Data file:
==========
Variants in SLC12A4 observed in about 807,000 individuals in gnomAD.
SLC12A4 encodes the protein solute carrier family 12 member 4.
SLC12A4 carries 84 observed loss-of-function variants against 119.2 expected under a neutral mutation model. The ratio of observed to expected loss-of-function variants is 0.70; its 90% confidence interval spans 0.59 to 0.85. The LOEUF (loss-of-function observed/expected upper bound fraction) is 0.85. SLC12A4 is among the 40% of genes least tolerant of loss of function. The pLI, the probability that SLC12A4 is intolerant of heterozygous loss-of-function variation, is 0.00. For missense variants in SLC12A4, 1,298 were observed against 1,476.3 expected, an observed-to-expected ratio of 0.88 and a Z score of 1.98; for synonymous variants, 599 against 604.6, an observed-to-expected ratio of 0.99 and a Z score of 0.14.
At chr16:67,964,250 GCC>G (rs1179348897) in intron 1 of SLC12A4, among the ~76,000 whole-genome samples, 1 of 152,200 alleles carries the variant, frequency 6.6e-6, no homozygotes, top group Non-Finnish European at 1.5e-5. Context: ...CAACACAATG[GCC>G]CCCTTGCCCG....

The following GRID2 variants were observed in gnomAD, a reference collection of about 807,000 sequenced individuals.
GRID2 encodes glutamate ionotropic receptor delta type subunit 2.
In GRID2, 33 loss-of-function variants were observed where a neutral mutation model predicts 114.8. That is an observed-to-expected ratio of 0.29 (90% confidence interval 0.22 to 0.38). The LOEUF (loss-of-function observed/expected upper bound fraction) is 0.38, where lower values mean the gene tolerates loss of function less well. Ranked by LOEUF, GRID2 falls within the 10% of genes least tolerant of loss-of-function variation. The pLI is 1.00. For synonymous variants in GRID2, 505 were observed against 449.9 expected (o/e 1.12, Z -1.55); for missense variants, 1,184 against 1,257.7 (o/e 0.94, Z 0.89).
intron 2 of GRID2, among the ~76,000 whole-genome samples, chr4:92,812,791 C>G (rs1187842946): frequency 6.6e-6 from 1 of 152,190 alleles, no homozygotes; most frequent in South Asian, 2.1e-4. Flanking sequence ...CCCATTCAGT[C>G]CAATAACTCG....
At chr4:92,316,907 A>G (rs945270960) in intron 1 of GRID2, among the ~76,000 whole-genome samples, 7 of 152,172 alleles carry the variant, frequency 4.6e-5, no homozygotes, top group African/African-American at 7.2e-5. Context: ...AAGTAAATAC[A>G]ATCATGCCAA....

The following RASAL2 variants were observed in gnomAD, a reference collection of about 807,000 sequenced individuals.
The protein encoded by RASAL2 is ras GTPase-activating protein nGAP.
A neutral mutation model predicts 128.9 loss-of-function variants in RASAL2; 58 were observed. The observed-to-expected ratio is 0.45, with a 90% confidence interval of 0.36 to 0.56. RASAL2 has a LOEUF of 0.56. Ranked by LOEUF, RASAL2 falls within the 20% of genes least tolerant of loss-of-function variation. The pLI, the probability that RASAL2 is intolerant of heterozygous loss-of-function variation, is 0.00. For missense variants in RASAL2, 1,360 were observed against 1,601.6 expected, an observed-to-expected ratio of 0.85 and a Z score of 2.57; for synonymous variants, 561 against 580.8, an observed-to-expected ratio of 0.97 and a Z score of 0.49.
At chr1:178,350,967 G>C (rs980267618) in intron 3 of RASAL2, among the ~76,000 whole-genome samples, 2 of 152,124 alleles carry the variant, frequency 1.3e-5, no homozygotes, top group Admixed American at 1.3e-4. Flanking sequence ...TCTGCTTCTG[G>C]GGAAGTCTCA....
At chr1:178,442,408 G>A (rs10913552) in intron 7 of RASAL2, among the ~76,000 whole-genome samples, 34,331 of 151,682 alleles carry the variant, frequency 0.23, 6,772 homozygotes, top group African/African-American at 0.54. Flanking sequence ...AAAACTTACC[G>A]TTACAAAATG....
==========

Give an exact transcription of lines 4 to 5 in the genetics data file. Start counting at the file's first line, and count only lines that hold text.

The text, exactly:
At chr16:67,964,250 GCC>G (rs1179348897) in intron 1 of SLC12A4, among the ~76,000 whole-genome samples, 1 of 152,200 alleles carries the variant, frequency 6.6e-6, no homozygotes, top group Non-Finnish European at 1.5e-5. Context: ...CAACACAATG[GCC>G]CCCTTGCCCG....

The following GRID2 variants were observed in gnomAD, a reference collection of about 807,000 sequenced individuals.